Appellate court upholds Eastwood libel verdict
CALIFORNIA–“Did defendant falsely represent that plaintiff had given it an interview? Or did it avoid learning that the purported interview was a fabrication? And was the jury right in finding ‘actual malice’?
“Enquiring judges want to know.”
So began the opinion of a federal appellate court in Pasadena, Calif., which decided in August that the National Enquirer had invaded Clint Eastwood’s privacy and misappropriated his name and image.
Eastwood sued the Enquirer in a federal district court in Los Angeles, Calif., after the paper ran an interview with him that it claimed was “exclusive” and implied that the actor had spoken directly to Don Gentile, an assistant editor whose byline appeared on the interview. Most of the material in the Enquirer originally appeared in an interview the actor allegedly gave to British freelance journalist Cameron Docherty, previously published in the British tabloid Today.
In his suit, Eastwood alleged that the Enquirer published the interview knowing that he had not spoken to Gentile, thus violating the federal Lanham Act, which prohibits deceptive trade practices. The actor also alleged that the paper misappropriated his name and likeness without his permission. He sought compensation for damage allegedly done to his reputation by the suggestion that he willingly gave an interview to the Enquirer. He also sought profits made by the paper as a result of the alleged misappropriation.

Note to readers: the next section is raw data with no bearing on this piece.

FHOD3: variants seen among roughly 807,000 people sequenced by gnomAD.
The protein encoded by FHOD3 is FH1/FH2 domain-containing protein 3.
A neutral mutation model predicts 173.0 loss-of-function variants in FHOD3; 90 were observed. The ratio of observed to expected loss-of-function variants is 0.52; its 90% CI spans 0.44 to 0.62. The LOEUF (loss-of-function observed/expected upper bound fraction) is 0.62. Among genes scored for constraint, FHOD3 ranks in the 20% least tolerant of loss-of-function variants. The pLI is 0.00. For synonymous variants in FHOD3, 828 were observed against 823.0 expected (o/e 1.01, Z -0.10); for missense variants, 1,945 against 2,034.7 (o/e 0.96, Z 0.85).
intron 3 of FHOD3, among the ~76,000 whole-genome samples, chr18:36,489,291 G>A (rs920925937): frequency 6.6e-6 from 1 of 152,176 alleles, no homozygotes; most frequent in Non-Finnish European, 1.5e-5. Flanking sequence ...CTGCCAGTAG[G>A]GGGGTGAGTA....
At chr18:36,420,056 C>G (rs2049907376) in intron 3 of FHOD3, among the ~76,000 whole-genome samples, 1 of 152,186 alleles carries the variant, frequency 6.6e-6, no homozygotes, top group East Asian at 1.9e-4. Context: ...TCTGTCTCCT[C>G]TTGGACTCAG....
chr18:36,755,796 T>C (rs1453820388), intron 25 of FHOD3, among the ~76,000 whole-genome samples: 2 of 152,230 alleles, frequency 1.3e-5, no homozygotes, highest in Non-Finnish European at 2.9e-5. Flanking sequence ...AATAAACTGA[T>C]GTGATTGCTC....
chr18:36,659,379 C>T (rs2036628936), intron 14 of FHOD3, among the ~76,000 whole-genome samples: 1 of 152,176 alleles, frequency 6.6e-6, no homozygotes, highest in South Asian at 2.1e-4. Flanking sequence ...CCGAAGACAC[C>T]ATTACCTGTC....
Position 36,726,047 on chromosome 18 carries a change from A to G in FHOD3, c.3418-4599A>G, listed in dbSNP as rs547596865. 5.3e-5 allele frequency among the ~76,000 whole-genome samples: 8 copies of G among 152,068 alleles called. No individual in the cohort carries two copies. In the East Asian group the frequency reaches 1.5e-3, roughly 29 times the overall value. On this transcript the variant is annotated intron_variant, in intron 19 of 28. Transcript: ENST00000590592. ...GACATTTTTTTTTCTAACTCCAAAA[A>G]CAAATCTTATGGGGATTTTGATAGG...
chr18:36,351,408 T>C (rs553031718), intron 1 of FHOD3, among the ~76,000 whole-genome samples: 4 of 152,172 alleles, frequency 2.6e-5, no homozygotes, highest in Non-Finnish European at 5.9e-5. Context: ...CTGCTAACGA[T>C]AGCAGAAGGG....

The jury agreed with Eastwood, awarding him $150,000 in damages – – half for his reputation and half for the Enquirer’s unfair profit — and more than $650,000 in attorney’s fees.
On August 25, a three-judge panel of the appellate court affirmed the jury’s verdict. Writing for the court, Judge Alex Kozinski focused on the way the Enquirer allegedly manipulated the text of the interview to make it appear that Eastwood had spoken directly to Gentile. According to Kozinski, the jury could reasonably have found that, by using headlines like “Exclusive Interview” and coloring the dialogue with phrases such as “[Eastwood] said with a chuckle,” the paper deceptively implied that he spoke to its editor, thus creating a false impression about the source of the story. Even though the paper could not be held liable for damages unless its editors ran the story knowing it was false or showing a reckless disregard for the truth, the court held, the jury could reasonably have found that the Enquirer’s suggestion that the interview was an exclusive amounted to actual malice.
The court also found that the Enquirer’s false implication could have damaged Eastwood’s reputation by causing his fans to consider him a “a hypocrite for giving the Enquirer an ‘exclusive interview’ about his private life” or regard him as “essentially washed up as a movie star if he was courting publicity in a sensationalist tabloid.” (Eastwood v. National Enquirer; Media Counsel: Gerson Zweifach, Washington, D.C.)